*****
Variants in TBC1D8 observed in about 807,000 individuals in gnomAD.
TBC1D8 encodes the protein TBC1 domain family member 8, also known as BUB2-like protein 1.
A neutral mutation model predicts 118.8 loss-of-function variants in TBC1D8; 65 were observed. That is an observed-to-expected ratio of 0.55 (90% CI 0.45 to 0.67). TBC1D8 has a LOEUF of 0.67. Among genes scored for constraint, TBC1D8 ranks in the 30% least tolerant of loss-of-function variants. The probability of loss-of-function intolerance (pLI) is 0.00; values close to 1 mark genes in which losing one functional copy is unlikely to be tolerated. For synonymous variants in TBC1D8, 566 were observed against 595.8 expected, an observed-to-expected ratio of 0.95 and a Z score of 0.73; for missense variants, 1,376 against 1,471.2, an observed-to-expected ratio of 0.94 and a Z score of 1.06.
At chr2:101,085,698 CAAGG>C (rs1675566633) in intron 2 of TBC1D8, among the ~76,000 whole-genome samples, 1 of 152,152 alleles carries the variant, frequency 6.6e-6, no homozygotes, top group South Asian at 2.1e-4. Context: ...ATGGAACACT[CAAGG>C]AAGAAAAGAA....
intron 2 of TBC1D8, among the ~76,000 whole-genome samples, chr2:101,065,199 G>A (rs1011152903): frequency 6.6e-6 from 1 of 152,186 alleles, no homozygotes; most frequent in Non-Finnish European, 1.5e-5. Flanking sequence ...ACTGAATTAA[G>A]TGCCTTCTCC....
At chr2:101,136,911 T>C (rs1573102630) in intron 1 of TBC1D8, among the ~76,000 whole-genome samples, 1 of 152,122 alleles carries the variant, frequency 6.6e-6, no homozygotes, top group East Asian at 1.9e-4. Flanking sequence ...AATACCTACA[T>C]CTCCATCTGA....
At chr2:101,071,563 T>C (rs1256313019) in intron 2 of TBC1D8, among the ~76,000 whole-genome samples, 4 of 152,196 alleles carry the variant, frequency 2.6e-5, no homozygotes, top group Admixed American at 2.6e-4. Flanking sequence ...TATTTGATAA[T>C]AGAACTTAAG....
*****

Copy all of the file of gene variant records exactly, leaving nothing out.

Variants in TBC1D8 observed in about 807,000 individuals in gnomAD.
TBC1D8 encodes the protein TBC1 domain family member 8, also known as BUB2-like protein 1.
A neutral mutation model predicts 118.8 loss-of-function variants in TBC1D8; 65 were observed. That is an observed-to-expected ratio of 0.55 (90% CI 0.45 to 0.67). TBC1D8 has a LOEUF of 0.67. Among genes scored for constraint, TBC1D8 ranks in the 30% least tolerant of loss-of-function variants. The probability of loss-of-function intolerance (pLI) is 0.00; values close to 1 mark genes in which losing one functional copy is unlikely to be tolerated. For synonymous variants in TBC1D8, 566 were observed against 595.8 expected, an observed-to-expected ratio of 0.95 and a Z score of 0.73; for missense variants, 1,376 against 1,471.2, an observed-to-expected ratio of 0.94 and a Z score of 1.06.
At chr2:101,085,698 CAAGG>C (rs1675566633) in intron 2 of TBC1D8, among the ~76,000 whole-genome samples, 1 of 152,152 alleles carries the variant, frequency 6.6e-6, no homozygotes, top group South Asian at 2.1e-4. Context: ...ATGGAACACT[CAAGG>C]AAGAAAAGAA....
intron 2 of TBC1D8, among the ~76,000 whole-genome samples, chr2:101,065,199 G>A (rs1011152903): frequency 6.6e-6 from 1 of 152,186 alleles, no homozygotes; most frequent in Non-Finnish European, 1.5e-5. Flanking sequence ...ACTGAATTAA[G>A]TGCCTTCTCC....
At chr2:101,136,911 T>C (rs1573102630) in intron 1 of TBC1D8, among the ~76,000 whole-genome samples, 1 of 152,122 alleles carries the variant, frequency 6.6e-6, no homozygotes, top group East Asian at 1.9e-4. Flanking sequence ...AATACCTACA[T>C]CTCCATCTGA....
At chr2:101,071,563 T>C (rs1256313019) in intron 2 of TBC1D8, among the ~76,000 whole-genome samples, 4 of 152,196 alleles carry the variant, frequency 2.6e-5, no homozygotes, top group Admixed American at 2.6e-4. Flanking sequence ...TATTTGATAA[T>C]AGAACTTAAG....